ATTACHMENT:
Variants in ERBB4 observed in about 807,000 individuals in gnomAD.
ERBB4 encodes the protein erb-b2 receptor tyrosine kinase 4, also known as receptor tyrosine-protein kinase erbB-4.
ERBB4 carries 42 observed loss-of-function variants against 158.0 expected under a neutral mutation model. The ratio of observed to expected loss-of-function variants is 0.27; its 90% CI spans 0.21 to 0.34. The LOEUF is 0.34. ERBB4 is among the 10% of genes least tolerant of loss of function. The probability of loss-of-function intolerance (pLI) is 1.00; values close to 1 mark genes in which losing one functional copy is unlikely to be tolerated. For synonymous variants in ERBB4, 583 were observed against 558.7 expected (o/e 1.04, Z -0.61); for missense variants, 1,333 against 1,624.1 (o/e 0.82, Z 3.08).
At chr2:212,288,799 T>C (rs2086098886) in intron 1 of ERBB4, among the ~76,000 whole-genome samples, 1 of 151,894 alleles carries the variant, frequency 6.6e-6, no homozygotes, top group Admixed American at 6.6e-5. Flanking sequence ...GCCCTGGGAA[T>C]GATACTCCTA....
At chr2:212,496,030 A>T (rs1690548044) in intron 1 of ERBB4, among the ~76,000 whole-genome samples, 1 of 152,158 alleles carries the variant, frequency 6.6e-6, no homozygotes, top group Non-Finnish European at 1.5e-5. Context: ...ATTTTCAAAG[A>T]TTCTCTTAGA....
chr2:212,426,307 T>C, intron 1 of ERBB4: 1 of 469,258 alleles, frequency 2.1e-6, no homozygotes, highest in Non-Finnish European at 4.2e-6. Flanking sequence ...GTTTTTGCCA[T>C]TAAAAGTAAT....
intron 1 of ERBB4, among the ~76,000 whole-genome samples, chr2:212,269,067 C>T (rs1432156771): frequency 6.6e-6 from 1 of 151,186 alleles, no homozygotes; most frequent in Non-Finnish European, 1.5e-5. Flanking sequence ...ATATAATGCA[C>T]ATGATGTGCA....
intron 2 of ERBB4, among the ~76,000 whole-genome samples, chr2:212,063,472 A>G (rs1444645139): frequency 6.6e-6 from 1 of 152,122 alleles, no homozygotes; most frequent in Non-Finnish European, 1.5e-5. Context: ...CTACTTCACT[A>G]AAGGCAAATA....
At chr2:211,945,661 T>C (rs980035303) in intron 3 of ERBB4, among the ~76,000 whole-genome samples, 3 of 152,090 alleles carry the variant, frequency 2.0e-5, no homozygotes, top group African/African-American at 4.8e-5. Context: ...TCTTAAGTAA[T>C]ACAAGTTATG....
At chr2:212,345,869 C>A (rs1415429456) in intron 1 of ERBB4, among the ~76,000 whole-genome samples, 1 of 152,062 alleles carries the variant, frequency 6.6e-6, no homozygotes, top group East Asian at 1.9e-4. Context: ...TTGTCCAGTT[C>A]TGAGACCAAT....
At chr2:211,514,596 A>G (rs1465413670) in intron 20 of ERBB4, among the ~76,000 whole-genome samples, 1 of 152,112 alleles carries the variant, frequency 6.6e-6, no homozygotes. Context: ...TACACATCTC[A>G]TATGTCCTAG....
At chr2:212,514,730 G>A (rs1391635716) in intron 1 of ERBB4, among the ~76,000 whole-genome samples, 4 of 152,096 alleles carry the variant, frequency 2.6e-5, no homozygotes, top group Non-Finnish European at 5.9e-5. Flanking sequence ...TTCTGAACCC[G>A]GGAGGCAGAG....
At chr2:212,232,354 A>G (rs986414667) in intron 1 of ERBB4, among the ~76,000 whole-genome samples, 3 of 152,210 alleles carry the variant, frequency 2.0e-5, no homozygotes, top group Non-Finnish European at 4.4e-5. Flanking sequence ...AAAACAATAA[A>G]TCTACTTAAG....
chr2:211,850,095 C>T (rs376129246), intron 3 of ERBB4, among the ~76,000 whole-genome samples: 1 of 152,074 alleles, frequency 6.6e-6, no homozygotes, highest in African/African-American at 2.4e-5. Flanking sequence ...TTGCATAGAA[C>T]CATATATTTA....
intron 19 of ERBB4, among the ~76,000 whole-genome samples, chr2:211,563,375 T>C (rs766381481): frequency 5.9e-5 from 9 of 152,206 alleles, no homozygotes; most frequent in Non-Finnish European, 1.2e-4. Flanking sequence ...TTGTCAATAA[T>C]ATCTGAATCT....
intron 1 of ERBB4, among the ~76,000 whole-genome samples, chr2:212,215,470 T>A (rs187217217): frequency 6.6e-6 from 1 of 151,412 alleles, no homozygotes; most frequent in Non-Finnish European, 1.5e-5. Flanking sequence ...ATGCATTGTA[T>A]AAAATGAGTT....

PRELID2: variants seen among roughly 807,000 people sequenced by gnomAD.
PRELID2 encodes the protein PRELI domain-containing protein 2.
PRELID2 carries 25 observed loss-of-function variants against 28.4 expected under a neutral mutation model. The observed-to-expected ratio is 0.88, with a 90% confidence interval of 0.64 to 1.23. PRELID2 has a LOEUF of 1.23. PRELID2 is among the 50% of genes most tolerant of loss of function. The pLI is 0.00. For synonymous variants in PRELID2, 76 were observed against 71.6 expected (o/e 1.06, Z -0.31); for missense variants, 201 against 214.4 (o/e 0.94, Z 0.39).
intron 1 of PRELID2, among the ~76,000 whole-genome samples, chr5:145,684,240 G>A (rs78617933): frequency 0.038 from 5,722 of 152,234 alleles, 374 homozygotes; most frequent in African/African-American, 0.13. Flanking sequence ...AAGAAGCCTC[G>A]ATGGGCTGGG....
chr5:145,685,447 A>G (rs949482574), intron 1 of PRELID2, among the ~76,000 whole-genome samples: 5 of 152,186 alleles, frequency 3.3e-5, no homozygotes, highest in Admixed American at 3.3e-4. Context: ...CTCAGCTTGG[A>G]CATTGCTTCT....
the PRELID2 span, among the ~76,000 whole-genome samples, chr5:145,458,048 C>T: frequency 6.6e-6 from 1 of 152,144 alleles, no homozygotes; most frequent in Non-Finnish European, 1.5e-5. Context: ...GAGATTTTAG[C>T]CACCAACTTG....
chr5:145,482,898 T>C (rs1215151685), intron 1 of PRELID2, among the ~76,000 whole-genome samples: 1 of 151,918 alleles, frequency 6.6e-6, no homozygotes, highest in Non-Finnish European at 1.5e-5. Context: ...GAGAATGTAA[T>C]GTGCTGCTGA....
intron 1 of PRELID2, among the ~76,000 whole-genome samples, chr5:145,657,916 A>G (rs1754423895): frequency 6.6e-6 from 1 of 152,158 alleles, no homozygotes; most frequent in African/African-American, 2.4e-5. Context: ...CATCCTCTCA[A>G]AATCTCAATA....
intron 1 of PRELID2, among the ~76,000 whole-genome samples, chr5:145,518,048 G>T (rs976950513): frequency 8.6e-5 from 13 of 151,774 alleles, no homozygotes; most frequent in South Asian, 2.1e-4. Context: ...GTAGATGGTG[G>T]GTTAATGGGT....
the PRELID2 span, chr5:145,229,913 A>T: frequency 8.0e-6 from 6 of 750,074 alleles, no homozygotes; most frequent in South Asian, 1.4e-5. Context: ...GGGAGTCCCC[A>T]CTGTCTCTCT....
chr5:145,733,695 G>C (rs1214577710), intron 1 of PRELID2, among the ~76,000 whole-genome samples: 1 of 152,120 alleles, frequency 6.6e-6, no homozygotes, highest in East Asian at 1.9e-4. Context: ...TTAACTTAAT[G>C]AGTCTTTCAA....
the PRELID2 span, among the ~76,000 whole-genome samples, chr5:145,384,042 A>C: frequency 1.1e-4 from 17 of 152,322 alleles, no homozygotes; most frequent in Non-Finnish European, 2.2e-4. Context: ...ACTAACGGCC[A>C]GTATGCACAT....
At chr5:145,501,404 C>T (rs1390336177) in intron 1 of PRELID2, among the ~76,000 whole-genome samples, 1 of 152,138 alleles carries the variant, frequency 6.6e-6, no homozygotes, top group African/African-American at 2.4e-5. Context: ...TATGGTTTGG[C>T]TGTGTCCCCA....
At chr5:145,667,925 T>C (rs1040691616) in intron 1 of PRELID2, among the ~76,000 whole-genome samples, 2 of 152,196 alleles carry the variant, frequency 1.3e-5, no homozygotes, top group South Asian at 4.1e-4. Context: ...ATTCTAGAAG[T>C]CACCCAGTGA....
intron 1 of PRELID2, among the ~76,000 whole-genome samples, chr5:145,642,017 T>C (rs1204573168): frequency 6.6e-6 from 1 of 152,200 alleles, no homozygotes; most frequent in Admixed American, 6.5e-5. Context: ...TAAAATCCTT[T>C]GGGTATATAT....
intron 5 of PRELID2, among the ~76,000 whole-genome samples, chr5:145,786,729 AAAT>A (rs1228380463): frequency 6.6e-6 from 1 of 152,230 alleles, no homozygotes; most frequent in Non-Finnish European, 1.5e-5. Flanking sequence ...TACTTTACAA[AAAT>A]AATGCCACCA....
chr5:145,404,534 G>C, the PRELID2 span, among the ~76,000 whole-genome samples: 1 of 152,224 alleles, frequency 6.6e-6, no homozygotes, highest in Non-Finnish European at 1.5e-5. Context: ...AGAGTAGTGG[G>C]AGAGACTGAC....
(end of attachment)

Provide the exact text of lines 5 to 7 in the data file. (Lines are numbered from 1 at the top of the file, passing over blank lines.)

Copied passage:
At chr2:212,496,030 A>T (rs1690548044) in intron 1 of ERBB4, among the ~76,000 whole-genome samples, 1 of 152,158 alleles carries the variant, frequency 6.6e-6, no homozygotes, top group Non-Finnish European at 1.5e-5. Context: ...ATTTTCAAAG[A>T]TTCTCTTAGA....
chr2:212,426,307 T>C, intron 1 of ERBB4: 1 of 469,258 alleles, frequency 2.1e-6, no homozygotes, highest in Non-Finnish European at 4.2e-6. Flanking sequence ...GTTTTTGCCA[T>C]TAAAAGTAAT....
intron 1 of ERBB4, among the ~76,000 whole-genome samples, chr2:212,269,067 C>T (rs1432156771): frequency 6.6e-6 from 1 of 151,186 alleles, no homozygotes; most frequent in Non-Finnish European, 1.5e-5. Flanking sequence ...ATATAATGCA[C>T]ATGATGTGCA....